I took away a star solely because of the edition. This edition changed some of the poems, including Wishbone, which was the first Richard Siken poem I read, so i noticed right away. The changes made were for the worse, it didn't have that initial sense of desperation that made it flow so well before. Also the introduction should have been left out entirely; it's just a person making these broad statements about what they want the poems to all be about and quoting a bunch of lines from the poems we are about to read anyway. It's just wholly unnecessary, especially since there aren't a lot of poems in here in the first place, and just kind of messes up the mood.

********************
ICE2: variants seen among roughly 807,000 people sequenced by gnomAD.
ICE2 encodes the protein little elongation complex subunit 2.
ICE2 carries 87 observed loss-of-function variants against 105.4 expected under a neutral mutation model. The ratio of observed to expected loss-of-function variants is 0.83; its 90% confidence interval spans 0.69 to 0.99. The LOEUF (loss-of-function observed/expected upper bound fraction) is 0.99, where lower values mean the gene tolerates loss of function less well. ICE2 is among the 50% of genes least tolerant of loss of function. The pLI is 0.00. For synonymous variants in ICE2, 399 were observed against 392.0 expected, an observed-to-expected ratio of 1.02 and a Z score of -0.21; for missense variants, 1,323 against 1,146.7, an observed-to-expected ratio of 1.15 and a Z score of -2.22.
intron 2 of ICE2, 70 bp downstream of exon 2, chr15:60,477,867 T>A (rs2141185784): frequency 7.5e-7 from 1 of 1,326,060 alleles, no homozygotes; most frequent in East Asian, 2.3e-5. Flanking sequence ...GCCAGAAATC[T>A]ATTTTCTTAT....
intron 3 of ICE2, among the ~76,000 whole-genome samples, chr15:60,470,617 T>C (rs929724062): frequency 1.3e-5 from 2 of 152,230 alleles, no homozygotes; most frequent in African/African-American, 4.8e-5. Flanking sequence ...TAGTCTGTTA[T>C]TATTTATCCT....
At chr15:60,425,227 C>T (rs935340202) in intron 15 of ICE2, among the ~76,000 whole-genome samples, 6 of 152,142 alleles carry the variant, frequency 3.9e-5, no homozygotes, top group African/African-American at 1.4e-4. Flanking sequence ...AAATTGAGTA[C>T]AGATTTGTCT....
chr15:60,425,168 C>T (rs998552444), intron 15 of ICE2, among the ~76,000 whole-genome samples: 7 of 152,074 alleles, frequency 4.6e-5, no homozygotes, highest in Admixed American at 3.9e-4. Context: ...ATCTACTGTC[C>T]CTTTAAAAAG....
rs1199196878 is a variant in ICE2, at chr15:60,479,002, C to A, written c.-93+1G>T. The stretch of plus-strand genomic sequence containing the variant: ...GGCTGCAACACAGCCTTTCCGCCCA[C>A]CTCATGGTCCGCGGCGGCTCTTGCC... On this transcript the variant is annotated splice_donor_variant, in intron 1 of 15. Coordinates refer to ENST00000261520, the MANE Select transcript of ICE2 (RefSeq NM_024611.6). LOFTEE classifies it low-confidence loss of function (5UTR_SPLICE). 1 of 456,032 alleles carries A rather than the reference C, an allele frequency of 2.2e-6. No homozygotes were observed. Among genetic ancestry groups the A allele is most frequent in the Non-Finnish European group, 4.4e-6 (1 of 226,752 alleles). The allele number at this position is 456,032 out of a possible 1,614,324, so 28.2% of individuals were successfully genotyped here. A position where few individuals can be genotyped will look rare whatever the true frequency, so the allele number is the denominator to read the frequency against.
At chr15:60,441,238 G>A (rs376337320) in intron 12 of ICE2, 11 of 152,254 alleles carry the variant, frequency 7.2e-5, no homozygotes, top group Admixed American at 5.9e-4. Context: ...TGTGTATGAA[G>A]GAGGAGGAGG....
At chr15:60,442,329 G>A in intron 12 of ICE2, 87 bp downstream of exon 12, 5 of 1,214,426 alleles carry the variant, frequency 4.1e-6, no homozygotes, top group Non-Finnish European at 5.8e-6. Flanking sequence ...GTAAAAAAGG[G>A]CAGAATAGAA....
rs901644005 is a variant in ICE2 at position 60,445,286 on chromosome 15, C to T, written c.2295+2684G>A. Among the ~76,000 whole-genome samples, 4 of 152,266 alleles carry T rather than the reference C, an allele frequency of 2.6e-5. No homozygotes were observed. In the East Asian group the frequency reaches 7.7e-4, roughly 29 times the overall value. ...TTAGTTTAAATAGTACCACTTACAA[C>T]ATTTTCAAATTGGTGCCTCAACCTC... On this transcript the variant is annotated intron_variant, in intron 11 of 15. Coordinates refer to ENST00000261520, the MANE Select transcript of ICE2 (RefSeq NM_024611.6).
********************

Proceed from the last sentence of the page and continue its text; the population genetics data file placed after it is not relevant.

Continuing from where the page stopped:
Those nitpicks aside, there are some very volatile and excellent poems in here. There are some definite standouts and a few that aren't as strong and break the pacing a bit, but since this book is again very slim, only about 60 pages, it can be read through in one sitting. This seemed intentional, because like all poetry, it's meant to be read more than once.
As other reviewers pointed out, Siken's style isn't for everyone, but I connected with it instantly. The writing, like the cover, is gritty, claustrophobic, and monochromatic. There are lots of recurring images, of roads, teeth, blood, and the boy that is mostly at the center of the whole vision, of a love violent and fearful and desperate.
Before you buy this book you should probably read one or two of Sikens' poems on the internet, then you will know what to expect since it is mostly all written in the same style. As I said, the style seems very divisive, so either you will feel it instantly or you won't connect with it.